The spiritual leader of the Adoration Ministry in Enugu, Nigeria, Reverend Fr. Ejike Mbaka, issued a warning to politicians not to attend his event unless they are willing to make financial contributions.
Mbaka, made this remarks during one of his church programs, indirectly referenced his previous criticism of Peter Obi, the Labour Party’s presidential candidate, whom he had called “stingy” during last year’s event.
Despite apologizing to Obi later, he emphasized that the upcoming bazaar’s focus is on substantial financial contributions and urged attendees not to bring negativity or refuse to participate. He also encouraged banks with which they have relationships to contribute, acknowledging the support of Fidelity and Zenith banks in the past.
In his words, “On 12th November, we will have a bazaar. At least once in a year, you show appreciation to God. Come along with all our friends. Don’t come with someone who will be bad luck for us.
“Or someone who will come here to make trouble. Or someone who will come here that day and refuse to break cola.
“What we have that day is giving money to God. If you know you wouldn’t want to participate in it, don’t come.
“But if you say no and would want to make trouble for us because you know the way to the Bishop’s house or anywhere else, you will only meet trouble at the end of it.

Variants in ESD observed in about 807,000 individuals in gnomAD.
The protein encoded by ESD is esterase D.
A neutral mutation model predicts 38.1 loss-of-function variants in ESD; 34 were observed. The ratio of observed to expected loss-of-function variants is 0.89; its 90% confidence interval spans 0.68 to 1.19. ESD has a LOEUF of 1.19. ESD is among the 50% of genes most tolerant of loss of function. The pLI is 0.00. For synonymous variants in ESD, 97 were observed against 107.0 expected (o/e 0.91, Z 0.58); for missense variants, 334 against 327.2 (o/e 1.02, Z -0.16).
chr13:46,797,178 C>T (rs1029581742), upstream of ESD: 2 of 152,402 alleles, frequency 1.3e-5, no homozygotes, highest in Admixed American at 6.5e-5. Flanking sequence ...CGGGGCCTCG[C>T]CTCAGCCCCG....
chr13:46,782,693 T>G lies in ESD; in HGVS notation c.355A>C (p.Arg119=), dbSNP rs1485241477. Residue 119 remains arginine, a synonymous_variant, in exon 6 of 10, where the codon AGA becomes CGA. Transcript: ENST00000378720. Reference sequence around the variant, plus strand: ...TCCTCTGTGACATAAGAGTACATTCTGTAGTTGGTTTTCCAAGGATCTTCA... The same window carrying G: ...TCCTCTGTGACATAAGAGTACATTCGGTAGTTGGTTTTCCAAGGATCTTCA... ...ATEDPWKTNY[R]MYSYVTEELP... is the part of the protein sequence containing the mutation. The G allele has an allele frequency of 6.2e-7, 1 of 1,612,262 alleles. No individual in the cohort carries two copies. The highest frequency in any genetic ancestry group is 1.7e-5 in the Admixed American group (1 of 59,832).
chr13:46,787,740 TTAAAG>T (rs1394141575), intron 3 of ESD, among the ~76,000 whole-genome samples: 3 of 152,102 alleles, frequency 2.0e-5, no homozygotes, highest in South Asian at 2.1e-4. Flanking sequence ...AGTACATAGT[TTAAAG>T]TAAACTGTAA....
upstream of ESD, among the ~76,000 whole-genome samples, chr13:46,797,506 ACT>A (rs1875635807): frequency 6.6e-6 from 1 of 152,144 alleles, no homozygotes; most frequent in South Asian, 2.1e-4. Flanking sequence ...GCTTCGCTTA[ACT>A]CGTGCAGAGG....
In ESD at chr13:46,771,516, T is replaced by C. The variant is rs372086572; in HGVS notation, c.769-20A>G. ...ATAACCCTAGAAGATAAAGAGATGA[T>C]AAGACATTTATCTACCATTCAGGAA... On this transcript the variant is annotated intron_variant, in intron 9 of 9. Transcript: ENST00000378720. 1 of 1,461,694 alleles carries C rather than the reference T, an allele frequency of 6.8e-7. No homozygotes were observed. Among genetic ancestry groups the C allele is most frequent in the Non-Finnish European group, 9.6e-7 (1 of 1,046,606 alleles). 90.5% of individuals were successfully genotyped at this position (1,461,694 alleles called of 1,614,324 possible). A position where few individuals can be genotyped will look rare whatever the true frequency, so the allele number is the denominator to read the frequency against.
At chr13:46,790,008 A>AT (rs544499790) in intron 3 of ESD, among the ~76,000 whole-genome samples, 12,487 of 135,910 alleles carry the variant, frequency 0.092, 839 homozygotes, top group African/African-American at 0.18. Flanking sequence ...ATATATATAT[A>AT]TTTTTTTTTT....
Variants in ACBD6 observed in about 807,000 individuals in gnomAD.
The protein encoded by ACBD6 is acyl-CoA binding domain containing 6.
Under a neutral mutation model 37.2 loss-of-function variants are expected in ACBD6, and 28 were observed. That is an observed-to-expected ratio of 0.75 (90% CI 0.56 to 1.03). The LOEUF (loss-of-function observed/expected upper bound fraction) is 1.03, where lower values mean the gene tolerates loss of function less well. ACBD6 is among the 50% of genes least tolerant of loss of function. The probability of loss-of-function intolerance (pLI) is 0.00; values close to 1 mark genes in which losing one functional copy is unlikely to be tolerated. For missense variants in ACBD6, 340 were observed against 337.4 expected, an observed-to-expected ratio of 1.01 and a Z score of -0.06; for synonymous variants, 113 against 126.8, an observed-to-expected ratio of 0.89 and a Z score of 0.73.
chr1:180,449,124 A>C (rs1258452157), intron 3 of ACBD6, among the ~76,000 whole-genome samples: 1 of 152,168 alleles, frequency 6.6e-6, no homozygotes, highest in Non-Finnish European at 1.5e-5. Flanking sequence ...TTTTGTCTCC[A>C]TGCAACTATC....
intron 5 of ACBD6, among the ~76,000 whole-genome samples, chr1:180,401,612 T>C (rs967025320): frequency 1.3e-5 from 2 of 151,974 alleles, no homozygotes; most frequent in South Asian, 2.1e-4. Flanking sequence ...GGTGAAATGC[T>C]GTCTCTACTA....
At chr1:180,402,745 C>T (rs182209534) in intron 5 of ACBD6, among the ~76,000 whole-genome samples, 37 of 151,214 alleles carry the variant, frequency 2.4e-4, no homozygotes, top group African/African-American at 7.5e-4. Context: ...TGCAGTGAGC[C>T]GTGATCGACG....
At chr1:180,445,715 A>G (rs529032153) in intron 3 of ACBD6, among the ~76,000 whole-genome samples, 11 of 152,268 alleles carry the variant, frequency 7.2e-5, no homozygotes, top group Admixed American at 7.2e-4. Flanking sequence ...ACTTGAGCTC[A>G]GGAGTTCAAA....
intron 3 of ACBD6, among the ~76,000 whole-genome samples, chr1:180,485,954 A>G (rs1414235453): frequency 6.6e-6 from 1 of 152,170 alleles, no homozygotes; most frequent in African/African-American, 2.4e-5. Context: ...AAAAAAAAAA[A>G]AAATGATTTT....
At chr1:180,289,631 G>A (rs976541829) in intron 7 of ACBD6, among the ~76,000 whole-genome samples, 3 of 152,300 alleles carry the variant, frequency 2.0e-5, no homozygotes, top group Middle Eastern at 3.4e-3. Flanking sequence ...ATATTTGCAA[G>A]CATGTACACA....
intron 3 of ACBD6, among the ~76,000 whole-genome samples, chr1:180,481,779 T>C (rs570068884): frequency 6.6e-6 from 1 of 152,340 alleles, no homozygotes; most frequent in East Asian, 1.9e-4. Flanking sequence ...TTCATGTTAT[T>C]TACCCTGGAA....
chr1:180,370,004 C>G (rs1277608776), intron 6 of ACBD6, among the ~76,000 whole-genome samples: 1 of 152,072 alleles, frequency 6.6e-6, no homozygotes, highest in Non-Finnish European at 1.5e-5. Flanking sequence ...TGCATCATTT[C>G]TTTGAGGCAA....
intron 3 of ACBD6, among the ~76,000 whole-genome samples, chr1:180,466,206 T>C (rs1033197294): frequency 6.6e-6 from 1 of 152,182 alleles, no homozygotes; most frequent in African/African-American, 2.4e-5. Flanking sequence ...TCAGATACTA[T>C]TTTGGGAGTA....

“I can’t understand how someone would come for a bazaar and refuse to break cola and a Rev Father would be asked to go and apologize to him.
“And it’s being told as a story. The one who’s right then becomes wrong and vice versa. Let it not happen again, because if someone tries it again, he will be forced to beg for food with empty plates in the street.
“Anyone that will put us in trouble again, there’s nothing he puts hand on that will progress. You don’t need to be told that God is in our midst here. So if any makes trouble with us, he’s finding God’s trouble. If you put your hands in whatever that will happen to me, you will be embarrassed.
“You may not know the one I’m worshipping but I know him.
“All the banks we have relationships with should come and do something for God in the bazaar. If they don’t come, it means they don’t want our relationship again. Yes, it’s business.”